Three things positive thinking is NOT

Recently I encounter quite a lot of scepticism about positive thinking, due, in my humble opinion, to a misinterpretation of the nature of such thinking. True, the term is frequently over-used, exaggerated, made to be what it is not. Or, worse still, some believe that, lest they think positively 100% of the time, they’re doing something wrong. Or that they should ‘fake it till they make it’ if they really want to do it ‘right’, which puts honest people off.

It is a shame that a positive outlook encounters scepticism or opposition, because the Art of Positive Thinking is immensely helpful, even for long term body and mind health. Ground-breaking Nobel prize laureate, scientist Elizabeth Blackburn states this in unequivocal terms in her fascinating TED talk –  “[DNA health] isn’t just a matter of age counted in years. We have control over the way we age. Attitude matters”. A ‘bring it on!’ attitude – says Blackburn – keeps your DNA healthy for much longer. Our DNA thrives on an attitude of ‘It’s a challenge, not a threat or a drain’. And this is just one scientific proof for the power of the positive mind.

Still, there are certain things that positive thinking is not, so allow me to dispel some myths about it in the hope that sceptics will be persuaded to give it room in their life – for their own benefit.


Positive thinking is NOT about suppressing negative emotions

This is such a common and unfortunate misconception of positive thinking. We all experience ups and downs. We all go through difficult moments, days, weeks, periods. None of us lives under the constant rays of happiness; shadows are an inevitable part of life. Grief, pain, fear, sorrow, anger, resentment, guilt, shame – they are all living emotions, the other side of the positive emotions coin. Just like positive emotions, they have their place and function. Suppressing them, ignoring them, trying to run away from them only makes them loom bigger and hurt much more.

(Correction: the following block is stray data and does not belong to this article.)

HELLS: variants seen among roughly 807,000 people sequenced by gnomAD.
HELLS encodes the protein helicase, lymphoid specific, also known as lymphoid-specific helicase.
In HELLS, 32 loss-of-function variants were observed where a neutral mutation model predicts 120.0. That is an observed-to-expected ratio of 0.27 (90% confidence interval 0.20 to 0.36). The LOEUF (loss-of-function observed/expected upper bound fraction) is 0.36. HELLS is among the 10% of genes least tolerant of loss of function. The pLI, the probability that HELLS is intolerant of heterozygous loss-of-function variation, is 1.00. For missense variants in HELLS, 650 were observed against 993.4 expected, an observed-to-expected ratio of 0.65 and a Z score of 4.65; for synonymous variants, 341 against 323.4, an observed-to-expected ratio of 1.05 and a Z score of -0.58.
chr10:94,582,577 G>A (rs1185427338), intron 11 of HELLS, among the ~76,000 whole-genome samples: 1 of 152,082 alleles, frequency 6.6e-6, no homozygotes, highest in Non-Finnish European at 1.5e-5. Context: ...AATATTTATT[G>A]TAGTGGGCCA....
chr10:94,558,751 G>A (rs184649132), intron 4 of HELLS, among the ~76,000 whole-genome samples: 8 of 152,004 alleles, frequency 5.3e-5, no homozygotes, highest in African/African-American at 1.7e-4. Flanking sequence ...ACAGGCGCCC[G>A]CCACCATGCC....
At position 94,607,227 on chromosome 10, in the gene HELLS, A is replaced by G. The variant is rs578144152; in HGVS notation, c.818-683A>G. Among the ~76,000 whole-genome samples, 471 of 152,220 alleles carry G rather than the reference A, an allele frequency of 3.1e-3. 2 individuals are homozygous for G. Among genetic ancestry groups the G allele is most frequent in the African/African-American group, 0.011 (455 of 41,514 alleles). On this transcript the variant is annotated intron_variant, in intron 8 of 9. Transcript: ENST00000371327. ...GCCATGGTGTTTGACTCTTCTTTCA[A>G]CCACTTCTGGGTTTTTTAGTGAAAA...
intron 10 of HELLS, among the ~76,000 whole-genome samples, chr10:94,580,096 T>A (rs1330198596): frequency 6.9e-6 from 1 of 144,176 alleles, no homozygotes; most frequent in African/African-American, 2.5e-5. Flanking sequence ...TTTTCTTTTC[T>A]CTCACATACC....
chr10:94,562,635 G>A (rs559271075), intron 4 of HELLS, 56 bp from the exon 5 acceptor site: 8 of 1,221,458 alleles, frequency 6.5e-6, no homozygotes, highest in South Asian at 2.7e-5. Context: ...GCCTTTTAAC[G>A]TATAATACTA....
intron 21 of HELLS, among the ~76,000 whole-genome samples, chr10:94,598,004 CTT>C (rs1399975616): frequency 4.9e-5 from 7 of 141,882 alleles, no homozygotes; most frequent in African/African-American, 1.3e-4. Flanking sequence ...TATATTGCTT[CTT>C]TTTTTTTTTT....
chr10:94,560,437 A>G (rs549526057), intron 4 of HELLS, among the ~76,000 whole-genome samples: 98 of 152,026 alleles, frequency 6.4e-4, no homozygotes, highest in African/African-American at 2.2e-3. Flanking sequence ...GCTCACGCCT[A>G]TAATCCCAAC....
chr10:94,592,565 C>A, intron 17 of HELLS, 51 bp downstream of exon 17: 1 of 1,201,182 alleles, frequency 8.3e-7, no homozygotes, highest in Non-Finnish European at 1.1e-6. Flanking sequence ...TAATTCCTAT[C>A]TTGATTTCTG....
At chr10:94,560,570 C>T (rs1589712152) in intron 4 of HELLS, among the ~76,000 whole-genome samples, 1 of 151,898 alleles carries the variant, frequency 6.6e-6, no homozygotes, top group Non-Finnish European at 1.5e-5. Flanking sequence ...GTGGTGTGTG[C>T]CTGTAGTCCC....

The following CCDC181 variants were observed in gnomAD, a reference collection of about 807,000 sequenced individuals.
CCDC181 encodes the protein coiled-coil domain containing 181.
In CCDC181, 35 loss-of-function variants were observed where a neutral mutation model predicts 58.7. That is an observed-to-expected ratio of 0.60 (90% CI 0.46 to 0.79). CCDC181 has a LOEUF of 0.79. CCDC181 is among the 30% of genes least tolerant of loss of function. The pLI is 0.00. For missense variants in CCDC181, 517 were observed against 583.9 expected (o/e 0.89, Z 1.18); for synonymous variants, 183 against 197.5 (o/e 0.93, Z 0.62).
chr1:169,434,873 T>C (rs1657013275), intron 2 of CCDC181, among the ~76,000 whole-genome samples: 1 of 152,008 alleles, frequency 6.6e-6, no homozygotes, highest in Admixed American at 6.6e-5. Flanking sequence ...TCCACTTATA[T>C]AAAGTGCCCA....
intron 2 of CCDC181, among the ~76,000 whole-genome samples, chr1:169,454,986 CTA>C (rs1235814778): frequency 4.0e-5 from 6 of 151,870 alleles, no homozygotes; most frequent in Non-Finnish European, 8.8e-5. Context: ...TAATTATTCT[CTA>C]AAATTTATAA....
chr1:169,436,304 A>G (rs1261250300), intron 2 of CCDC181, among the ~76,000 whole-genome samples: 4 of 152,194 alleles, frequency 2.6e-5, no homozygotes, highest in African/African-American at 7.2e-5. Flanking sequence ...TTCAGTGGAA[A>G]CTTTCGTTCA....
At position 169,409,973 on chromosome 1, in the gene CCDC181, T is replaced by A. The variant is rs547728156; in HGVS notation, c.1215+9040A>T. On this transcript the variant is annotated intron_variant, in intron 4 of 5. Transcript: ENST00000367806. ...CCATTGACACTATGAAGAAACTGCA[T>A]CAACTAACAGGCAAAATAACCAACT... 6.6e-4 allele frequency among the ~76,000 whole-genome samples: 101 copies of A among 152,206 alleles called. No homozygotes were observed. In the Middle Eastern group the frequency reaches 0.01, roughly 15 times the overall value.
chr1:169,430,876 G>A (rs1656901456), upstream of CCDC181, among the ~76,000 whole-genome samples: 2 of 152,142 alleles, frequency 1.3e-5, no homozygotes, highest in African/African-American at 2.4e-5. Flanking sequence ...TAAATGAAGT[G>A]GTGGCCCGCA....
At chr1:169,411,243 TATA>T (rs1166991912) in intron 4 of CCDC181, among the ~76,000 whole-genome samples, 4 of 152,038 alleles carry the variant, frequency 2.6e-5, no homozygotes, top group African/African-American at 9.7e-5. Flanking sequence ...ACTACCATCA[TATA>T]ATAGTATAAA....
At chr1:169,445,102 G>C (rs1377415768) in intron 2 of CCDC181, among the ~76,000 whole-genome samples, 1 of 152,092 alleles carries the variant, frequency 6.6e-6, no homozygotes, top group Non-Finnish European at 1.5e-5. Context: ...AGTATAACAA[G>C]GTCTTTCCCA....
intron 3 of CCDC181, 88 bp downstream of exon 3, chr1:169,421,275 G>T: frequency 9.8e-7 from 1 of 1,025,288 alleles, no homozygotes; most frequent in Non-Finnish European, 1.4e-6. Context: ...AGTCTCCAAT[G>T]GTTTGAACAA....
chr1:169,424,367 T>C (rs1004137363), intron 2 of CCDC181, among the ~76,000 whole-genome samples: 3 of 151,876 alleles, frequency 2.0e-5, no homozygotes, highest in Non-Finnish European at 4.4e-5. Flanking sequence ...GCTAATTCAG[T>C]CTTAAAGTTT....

A positive mindset does not attempt any denial of painful feelings. Rather,

  • It accepts negative emotions with the attitude of “this, too, shall pass”.
  • It stops us from endlessly obsessing about these negative emotions
  • It doesn’t allow us the ‘luxury’ of a morose, ‘oh poor me’ attitude

A healthy, authentically positive mindset allows room for negative feelings while not allowing them to get complete hold of us. With an encouraging, supportive hand a positive mindset pushes us gently to consider the other sides of the situation and to avoid the slippery slope of self-pity.

To appreciate the power of the positive mindset in action, watch CEO’s Isaac Lidsky’s moving and inspiring TED talk – “What reality are you creating for yourself?”. Lidsky graduated at 19 from Harvard in mathematics; served as a clerk in the US Supreme High Court; starred in a TV sitcom; and now runs a large construction company in Florida. This despite going blind age 25 due to a rare genetic disease. From a genius student with a bright future he turned into a blind cripple. For a while, feeling bereft and sorry for himself, he believed his life would be small, sad and lonely. But he changed the internal story he was telling himself and moved on to great success in his personal and professional life. His TED talk urges us all to not succumb to the negative scenarios we’re all so good at running in our mind but instead to write our own story – and reality.